Crusty Black Bean-Chorizo Subs (tortas) Review
4.5 stars (on a 5 star scale)
Satisfying and simple home cooking. Very easy to cook. Refrigerates well. To reheat, all one needs is a fresh roll (and avocado and cheese, if you don't happen to still have some in the fridge).
From experimenting, I have much advice on how to make good sandwiches with this filling.
* Cheese (queso fresco) is an important topping. However, if you get a bite with beans and big chunk of cold cheese, it detracts. I'd advise putting on some of the beans, adding the cheese, covering the cheese with more beans, then closing up the sandwich and waiting a tad. This will give the cheese time to warm up.
* The richness of an avocado also contributes significantly. However, I'd advise that instead of putting avocado slices on the sandwich as the recipe suggests, cutting the avocado into small chunks. This prevents bites from hitting the edge of an avocado and dragging the whole avocado out with it, yielding an unbalanced bite. This is more of a problem with not quite ripe avocados that are still pretty hard, but I'd advise doing it for all avocados, ripe or not.
* The recipe suggests adding hot sauce. Since I didn't feel it was necessary, I didn't add any.
* When reheating the bean mixture to make leftovers, realize that the refrigerated mixture shrinks a lot when heated. i.e., you probably want at least a cup of cold beans to get the half a cup of warm beans needed per sandwich.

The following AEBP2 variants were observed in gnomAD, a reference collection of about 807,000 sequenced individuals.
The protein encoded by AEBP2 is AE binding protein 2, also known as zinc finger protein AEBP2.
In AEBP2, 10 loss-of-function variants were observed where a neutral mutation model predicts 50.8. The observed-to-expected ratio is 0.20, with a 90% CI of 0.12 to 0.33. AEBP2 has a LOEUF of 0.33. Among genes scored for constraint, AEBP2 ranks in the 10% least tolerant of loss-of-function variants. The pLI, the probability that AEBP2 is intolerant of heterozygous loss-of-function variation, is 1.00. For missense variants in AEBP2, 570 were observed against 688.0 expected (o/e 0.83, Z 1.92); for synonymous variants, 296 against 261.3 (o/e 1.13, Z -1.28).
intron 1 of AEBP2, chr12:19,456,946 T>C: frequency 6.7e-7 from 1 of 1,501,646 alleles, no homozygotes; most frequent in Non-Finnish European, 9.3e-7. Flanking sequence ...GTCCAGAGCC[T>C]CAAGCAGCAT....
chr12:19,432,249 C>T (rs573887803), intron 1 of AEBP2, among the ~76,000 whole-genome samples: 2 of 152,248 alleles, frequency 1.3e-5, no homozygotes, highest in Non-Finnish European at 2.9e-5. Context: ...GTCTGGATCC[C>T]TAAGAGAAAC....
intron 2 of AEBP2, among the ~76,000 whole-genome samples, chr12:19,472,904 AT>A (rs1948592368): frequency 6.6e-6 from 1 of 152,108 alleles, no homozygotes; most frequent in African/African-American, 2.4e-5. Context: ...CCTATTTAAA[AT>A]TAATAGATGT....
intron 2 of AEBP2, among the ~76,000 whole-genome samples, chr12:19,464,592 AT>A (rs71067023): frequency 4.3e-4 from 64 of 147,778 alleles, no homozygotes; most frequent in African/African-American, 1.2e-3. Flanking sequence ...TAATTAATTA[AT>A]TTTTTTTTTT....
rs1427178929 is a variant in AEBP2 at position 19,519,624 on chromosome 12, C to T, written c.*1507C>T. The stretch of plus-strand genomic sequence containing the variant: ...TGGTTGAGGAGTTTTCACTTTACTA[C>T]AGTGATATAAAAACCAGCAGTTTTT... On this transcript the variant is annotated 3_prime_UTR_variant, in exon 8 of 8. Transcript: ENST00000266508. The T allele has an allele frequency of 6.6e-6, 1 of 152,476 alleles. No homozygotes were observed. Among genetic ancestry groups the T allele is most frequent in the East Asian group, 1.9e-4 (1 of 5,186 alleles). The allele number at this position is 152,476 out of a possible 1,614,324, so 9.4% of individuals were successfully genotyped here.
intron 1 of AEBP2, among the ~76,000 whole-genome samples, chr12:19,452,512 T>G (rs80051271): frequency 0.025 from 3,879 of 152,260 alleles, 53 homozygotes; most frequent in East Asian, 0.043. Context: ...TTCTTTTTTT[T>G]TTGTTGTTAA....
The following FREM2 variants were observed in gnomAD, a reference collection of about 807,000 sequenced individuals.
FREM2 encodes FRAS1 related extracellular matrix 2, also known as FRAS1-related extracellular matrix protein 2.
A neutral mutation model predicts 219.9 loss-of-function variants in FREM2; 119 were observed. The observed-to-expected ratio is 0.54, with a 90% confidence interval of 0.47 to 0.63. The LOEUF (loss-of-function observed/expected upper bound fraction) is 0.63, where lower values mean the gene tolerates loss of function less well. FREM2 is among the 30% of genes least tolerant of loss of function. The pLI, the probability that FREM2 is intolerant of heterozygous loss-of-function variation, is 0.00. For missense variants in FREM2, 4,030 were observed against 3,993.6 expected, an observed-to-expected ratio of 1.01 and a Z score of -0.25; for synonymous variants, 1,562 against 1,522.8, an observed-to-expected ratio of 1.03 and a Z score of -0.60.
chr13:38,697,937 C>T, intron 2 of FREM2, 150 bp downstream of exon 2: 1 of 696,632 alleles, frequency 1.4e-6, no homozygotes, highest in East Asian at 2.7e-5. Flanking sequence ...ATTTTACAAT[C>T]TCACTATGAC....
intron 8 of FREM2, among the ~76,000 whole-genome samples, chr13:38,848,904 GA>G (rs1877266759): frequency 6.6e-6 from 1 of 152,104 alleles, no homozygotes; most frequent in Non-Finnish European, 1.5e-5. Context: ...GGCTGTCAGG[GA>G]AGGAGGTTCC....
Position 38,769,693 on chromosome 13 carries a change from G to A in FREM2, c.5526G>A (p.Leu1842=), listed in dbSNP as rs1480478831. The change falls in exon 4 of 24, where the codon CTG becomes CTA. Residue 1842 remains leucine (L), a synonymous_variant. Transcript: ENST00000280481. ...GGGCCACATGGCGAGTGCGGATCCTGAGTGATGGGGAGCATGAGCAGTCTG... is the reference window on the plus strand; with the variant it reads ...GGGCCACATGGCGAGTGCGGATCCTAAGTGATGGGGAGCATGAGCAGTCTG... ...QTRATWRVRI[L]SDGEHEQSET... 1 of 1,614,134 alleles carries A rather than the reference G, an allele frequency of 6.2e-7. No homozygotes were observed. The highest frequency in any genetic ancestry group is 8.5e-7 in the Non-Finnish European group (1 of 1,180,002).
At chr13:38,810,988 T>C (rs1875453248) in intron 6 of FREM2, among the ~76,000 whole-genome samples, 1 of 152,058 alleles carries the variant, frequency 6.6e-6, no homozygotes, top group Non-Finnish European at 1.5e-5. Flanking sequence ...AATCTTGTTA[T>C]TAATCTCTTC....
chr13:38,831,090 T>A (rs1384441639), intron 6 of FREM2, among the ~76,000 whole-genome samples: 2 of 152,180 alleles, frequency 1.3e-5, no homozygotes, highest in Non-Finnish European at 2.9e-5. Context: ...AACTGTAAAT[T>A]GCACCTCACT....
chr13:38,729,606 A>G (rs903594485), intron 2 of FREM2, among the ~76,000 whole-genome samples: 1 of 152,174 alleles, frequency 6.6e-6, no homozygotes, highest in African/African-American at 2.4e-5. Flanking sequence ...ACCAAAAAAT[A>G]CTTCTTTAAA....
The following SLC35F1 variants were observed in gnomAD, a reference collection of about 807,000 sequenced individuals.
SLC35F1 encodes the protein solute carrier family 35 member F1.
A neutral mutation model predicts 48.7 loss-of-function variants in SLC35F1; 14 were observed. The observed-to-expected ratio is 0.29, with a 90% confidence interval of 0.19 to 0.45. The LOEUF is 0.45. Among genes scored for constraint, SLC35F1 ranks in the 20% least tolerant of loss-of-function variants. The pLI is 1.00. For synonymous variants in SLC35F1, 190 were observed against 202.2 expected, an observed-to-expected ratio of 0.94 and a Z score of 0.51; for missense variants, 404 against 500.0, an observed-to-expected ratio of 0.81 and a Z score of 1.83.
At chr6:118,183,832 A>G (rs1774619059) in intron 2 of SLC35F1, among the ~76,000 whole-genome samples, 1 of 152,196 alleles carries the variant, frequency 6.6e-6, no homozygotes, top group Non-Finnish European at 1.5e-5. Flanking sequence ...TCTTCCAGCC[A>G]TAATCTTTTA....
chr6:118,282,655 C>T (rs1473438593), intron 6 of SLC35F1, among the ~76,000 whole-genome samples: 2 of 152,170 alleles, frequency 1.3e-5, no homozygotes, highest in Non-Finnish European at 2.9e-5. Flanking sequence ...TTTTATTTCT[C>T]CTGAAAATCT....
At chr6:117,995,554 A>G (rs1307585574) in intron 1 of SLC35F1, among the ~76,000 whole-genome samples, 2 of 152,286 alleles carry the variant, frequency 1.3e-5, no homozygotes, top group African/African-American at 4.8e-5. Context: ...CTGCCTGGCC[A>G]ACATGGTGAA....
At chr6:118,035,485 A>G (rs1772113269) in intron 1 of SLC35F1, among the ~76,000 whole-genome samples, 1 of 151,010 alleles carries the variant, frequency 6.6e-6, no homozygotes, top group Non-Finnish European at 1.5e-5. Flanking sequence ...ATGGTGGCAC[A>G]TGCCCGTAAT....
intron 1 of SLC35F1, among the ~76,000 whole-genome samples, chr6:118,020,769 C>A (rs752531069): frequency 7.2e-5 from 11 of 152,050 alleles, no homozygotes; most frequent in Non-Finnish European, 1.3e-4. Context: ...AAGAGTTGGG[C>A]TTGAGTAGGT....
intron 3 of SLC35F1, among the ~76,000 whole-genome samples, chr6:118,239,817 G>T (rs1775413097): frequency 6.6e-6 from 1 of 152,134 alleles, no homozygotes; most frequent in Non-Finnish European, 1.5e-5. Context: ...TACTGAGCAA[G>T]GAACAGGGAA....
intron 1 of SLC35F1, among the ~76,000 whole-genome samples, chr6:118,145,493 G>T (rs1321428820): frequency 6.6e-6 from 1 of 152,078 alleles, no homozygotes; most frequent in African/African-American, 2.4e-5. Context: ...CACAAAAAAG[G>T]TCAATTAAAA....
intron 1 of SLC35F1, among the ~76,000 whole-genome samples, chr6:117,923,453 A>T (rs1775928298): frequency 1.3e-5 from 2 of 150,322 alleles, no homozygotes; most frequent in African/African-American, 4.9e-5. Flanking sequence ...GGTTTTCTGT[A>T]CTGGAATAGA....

* The sandwich is better warm. I found that when I'm halfway done, briefly microwaving the whole thing (bread, beans, cheese, and all) isn't a bad idea.
* I tried a number of different kinds of bread. They all worked well. For pictures, see below.
I also have comments about the process of making the bean mixture:
* Mashing beans is hard. A plastic spoon/spatula is too flexible and thus ineffective. Cooking in a non-stick skillet precludes using a metal potato masher. I ended up doing my best mashing beans with a wooden spatula against the skillet, but this was fairly ineffective. It didn't end up looking much like "soft mashed potatoes" but did have a similar consistency.
* Next time, perhaps don't add all the liquid from the cans of beans. The recipe calls for simmering and mashing the beans for ten minutes. It took at least double that to boil off most of the liquid from the beans.
* "Salt to taste" was for me only a handful of salt, despite using low sodium black beans that had only 130mg sodium (5% RDA) per serving.
I could've easily given this five stars, as I imagine it could be a recipe on a regular rotation in a family and when someone leaves the household, he'll never find his family's exact preparation of this dish elsewhere. When he returns home, this is what he'll crave as good home cooking. Sadly, I don't feel comfortable giving such a unsophisticated dish five stars, so four and a half it is.
The recipe provided enough filling for four sandwiches. I ate each of these on different bread, mostly because it was hard to find short, crusty sandwich rolls so I had to make do with what I could find. Below are pictures of each instance and occasional comments on how well each type of bread worked.
on Safeway crusty roll. This roll is closest to the type of roll that is supposed to be used.
on Safeway ciabatta roll. The softness of the roll is a refreshing change, making it easy to squish it to soak up juices.
on Safeway ciabatta roll with toppings.
on Draeger's sweet mini baguette. A tough outer shell is useful, making is easy to prevent the filling from escaping out the back of the sandwich.
on part of a Trader Joe's crusty roll.